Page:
U.S. consumers are breathing a bit easier now that gasoline prices have come down from record levels, but pump prices are still high, and the two-month slide could be nearing an end.
The nationwide average price for a gallon of gas dropped to $3.99 on Thursday, according to AAA. That’s down 20% from the mid-June high, and it’s the first time the average has dipped below $4 since early March.
Gasoline prices usually rise and fall with the cost of oil, and crude has also been dropping. The U.S. benchmark price is down nearly one-fourth since early June.
Other factors are also behind this year’s roller-coaster ride in energy prices.
What is happening?
Gasoline prices hit a record $5.02 on June 14. At the time, U.S. crude was about $120 a barrel, and the benchmark international price was even a couple dollars above that. Since then, however, oil prices have tumbled.
Oil prices had been rising since April 2020, as economies around the world recovered from the shock of the pandemic and reopened — slowly at first, then more rapidly. Demand for energy outstripped supply, pushing prices higher through all of 2021 and early this year. Then in late February, Russia’s invasion of Ukraine caused oil prices to spike, and they remained high into June — although not as high as in July 2008 if inflation is considered.
Why is this happening?
High energy prices contributed to inflation, which led the Federal Reserve and other central banks to raise interest rates. Concern has increased in recent weeks about the direction of the global economy.
A recession — or even slower growth — hurts energy demand and usually pushes down oil prices. That is the scenario that oil investors now fear.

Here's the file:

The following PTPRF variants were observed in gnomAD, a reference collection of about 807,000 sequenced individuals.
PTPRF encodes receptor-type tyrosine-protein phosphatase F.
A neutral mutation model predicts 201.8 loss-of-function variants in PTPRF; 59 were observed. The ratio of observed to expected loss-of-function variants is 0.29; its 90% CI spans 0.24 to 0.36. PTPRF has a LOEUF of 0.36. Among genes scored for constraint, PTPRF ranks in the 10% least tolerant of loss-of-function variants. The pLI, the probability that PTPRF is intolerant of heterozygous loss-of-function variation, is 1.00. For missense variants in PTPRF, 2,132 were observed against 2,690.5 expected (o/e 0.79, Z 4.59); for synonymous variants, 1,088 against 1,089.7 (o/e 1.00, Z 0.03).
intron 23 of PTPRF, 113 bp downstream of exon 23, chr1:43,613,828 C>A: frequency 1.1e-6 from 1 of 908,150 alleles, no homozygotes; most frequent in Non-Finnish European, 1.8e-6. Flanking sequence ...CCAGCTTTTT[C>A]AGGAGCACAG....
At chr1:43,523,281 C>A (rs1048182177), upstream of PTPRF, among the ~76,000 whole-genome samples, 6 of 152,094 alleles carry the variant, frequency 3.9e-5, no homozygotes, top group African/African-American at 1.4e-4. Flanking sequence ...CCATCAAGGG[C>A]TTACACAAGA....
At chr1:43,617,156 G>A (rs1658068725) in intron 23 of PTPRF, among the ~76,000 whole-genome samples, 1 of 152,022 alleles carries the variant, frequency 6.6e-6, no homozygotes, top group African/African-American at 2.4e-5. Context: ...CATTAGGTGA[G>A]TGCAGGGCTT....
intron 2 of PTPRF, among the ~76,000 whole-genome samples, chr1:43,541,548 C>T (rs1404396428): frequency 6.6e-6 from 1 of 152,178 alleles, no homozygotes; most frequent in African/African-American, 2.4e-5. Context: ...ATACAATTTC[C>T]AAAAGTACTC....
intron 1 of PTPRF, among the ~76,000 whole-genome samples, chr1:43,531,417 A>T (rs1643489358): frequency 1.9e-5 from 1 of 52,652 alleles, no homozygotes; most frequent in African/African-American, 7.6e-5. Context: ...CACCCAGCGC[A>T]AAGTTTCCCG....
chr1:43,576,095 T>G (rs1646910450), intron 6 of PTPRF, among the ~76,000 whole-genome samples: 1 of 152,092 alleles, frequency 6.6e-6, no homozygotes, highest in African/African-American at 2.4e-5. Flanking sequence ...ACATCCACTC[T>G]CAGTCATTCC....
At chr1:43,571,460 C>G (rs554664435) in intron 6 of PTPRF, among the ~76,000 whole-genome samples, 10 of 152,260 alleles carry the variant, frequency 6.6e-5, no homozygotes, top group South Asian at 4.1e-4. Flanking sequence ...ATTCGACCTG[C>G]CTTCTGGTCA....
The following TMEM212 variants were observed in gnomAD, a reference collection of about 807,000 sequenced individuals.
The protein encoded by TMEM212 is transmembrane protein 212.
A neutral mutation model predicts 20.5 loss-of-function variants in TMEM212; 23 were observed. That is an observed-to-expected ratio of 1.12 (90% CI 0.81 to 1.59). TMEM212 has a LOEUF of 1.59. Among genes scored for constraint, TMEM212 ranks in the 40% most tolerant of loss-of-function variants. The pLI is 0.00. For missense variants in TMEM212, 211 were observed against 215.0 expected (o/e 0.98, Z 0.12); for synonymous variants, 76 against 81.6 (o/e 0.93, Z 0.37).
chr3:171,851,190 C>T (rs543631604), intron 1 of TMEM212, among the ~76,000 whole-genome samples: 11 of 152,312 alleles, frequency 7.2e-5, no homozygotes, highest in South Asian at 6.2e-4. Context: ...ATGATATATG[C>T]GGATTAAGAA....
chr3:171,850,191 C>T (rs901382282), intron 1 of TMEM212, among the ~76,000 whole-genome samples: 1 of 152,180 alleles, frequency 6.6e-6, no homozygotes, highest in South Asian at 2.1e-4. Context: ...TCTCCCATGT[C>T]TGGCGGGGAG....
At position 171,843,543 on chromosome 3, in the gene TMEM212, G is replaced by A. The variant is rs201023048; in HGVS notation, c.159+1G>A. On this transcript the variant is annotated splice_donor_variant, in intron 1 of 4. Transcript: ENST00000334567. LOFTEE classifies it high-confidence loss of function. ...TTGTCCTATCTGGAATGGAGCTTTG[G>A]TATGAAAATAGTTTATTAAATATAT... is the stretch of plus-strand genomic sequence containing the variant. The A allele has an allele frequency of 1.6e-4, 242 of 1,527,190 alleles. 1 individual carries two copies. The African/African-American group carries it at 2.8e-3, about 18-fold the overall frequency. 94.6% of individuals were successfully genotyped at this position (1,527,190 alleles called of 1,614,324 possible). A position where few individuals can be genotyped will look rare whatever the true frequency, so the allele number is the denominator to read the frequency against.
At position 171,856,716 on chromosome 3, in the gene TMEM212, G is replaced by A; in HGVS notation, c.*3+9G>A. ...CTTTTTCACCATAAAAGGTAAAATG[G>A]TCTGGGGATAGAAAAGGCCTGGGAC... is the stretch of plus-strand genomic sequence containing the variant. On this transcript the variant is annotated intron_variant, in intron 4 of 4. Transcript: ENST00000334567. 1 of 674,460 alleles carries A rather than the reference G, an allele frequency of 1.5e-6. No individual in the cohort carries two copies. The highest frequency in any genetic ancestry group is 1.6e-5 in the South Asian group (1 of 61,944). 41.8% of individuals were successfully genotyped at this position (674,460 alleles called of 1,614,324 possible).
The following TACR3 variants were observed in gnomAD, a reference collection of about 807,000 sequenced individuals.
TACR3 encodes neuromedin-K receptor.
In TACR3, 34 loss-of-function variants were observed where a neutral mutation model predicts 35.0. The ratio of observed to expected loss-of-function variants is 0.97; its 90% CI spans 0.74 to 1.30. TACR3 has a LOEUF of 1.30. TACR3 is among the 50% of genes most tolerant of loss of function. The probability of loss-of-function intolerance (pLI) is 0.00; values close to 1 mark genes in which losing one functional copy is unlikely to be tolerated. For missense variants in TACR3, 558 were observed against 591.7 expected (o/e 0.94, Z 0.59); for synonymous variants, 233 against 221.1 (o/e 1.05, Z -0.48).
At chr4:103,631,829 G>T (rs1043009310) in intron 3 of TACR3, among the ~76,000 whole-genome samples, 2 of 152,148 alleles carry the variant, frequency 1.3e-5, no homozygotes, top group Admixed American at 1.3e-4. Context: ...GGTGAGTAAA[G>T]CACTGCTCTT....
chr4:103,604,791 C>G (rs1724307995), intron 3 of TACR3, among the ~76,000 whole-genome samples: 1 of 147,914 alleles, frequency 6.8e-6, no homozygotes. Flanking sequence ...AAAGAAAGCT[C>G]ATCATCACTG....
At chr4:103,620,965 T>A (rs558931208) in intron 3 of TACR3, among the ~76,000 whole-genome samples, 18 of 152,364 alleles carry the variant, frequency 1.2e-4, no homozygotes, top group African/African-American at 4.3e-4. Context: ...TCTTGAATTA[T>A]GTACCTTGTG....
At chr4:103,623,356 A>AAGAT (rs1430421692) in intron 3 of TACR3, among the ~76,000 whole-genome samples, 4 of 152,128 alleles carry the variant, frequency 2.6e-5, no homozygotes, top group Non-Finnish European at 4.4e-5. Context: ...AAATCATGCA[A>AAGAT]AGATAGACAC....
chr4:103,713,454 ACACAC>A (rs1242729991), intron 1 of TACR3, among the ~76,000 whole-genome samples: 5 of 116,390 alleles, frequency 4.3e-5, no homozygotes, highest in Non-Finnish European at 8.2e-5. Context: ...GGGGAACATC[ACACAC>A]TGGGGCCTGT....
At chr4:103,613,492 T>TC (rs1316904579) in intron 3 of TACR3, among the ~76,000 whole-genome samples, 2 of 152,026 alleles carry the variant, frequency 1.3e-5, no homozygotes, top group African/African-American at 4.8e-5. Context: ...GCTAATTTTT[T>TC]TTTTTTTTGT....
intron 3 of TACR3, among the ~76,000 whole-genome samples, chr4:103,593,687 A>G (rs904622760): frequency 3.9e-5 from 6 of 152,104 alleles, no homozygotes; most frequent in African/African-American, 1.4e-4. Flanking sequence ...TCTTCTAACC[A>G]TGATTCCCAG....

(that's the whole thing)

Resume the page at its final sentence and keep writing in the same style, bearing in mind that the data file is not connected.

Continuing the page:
Even with prices coming down, OPEC on Thursday lowered its forecast of global oil demand for the rest of this year and next year. The cartel based those expectations on a belief that economic growth in the U.S., China and other key countries will be slower than it previously forecast.
Are there other factors?
It’s unusual for gas prices to fall during the summer, because that’s the peak driving time for American motorists. Some analysts think the high prices have led drivers to cut back, but the evidence is mostly anecdotal.
Some states suspended their gasoline taxes, shaving more off the final price at the pump, at least temporarily.
Where are gas prices headed?
Most analysts don’t think prices will spike in the short term unless something unexpected happens, such as a big storm that shuts down oil production in the Gulf of Mexico or floods refineries along the Gulf Coast. That has happened before, and we are still in hurricane season.
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Patrick De Haan, an analyst for GasBuddy, said this week that absent something like a hurricane, gasoline prices should drop another 10 cents to 25 cents a gallon over the next couple weeks.
Tom Kloza, an analyst for the Oil Price Information Service, is a bit less sanguine. He says the 58-day streak of lower nationwide average gasoline prices “may stumble soon.”
Besides the hurricane threat, Kloza says refineries — which have been running nearly full-steam — will have to take a breather because they have delayed maintenance work, and “that can’t be delayed indefinitely.”
What about the U.S. oil supply?
U.S. oil production hasn’t fully recovered to pre-pandemic levels; it’s still down about 4.5% from 2019, according to the most recent government figures, for May.
President Joe Biden has ordered releases from U.S. oil reserves. Kloza said “even Biden bashers have to admit that the release of over 150 million barrels of (Strategic Petroleum Reserve) crude worked,” but he said it’s unclear what will happen when those releases end later this year.
What’s energy’s role in inflation?
Higher prices for energy and food have been key contributors to inflation. It works the other way too. When gasoline prices slid in July, it helped slow the overall rate of inflation.
But gasoline prices in July were still 28% higher than a year earlier, and that helped inflation roar along at 8.5%.